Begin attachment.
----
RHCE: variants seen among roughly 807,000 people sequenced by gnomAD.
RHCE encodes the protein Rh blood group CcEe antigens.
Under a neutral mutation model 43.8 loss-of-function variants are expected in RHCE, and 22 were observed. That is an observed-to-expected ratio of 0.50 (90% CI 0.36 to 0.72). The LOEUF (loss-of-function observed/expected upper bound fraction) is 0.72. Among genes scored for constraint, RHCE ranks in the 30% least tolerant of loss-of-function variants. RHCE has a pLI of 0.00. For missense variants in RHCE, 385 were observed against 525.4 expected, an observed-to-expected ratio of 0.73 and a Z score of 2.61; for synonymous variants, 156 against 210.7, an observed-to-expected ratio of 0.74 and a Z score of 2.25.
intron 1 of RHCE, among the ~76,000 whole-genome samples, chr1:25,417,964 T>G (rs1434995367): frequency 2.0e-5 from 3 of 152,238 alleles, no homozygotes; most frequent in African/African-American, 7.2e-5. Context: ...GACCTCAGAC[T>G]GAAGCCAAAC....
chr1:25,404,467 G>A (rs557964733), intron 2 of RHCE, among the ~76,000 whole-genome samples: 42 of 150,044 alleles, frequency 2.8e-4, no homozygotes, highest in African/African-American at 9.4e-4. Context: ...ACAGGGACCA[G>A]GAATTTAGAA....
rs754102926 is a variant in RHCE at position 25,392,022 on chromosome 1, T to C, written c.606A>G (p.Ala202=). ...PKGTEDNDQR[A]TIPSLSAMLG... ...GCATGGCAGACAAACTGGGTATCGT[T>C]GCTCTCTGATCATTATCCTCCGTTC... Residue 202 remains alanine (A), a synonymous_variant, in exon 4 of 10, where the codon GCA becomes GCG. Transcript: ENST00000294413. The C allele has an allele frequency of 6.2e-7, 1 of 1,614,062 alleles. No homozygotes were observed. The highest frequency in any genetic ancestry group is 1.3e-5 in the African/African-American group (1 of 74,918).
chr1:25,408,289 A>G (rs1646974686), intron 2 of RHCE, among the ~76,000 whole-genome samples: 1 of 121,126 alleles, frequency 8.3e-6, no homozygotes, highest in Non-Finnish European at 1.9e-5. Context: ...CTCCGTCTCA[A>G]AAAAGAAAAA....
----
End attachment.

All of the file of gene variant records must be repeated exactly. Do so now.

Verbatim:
RHCE: variants seen among roughly 807,000 people sequenced by gnomAD.
RHCE encodes the protein Rh blood group CcEe antigens.
Under a neutral mutation model 43.8 loss-of-function variants are expected in RHCE, and 22 were observed. That is an observed-to-expected ratio of 0.50 (90% CI 0.36 to 0.72). The LOEUF (loss-of-function observed/expected upper bound fraction) is 0.72. Among genes scored for constraint, RHCE ranks in the 30% least tolerant of loss-of-function variants. RHCE has a pLI of 0.00. For missense variants in RHCE, 385 were observed against 525.4 expected, an observed-to-expected ratio of 0.73 and a Z score of 2.61; for synonymous variants, 156 against 210.7, an observed-to-expected ratio of 0.74 and a Z score of 2.25.
intron 1 of RHCE, among the ~76,000 whole-genome samples, chr1:25,417,964 T>G (rs1434995367): frequency 2.0e-5 from 3 of 152,238 alleles, no homozygotes; most frequent in African/African-American, 7.2e-5. Context: ...GACCTCAGAC[T>G]GAAGCCAAAC....
chr1:25,404,467 G>A (rs557964733), intron 2 of RHCE, among the ~76,000 whole-genome samples: 42 of 150,044 alleles, frequency 2.8e-4, no homozygotes, highest in African/African-American at 9.4e-4. Context: ...ACAGGGACCA[G>A]GAATTTAGAA....
rs754102926 is a variant in RHCE at position 25,392,022 on chromosome 1, T to C, written c.606A>G (p.Ala202=). ...PKGTEDNDQR[A]TIPSLSAMLG... ...GCATGGCAGACAAACTGGGTATCGT[T>C]GCTCTCTGATCATTATCCTCCGTTC... Residue 202 remains alanine (A), a synonymous_variant, in exon 4 of 10, where the codon GCA becomes GCG. Transcript: ENST00000294413. The C allele has an allele frequency of 6.2e-7, 1 of 1,614,062 alleles. No homozygotes were observed. The highest frequency in any genetic ancestry group is 1.3e-5 in the African/African-American group (1 of 74,918).
chr1:25,408,289 A>G (rs1646974686), intron 2 of RHCE, among the ~76,000 whole-genome samples: 1 of 121,126 alleles, frequency 8.3e-6, no homozygotes, highest in Non-Finnish European at 1.9e-5. Context: ...CTCCGTCTCA[A>G]AAAAGAAAAA....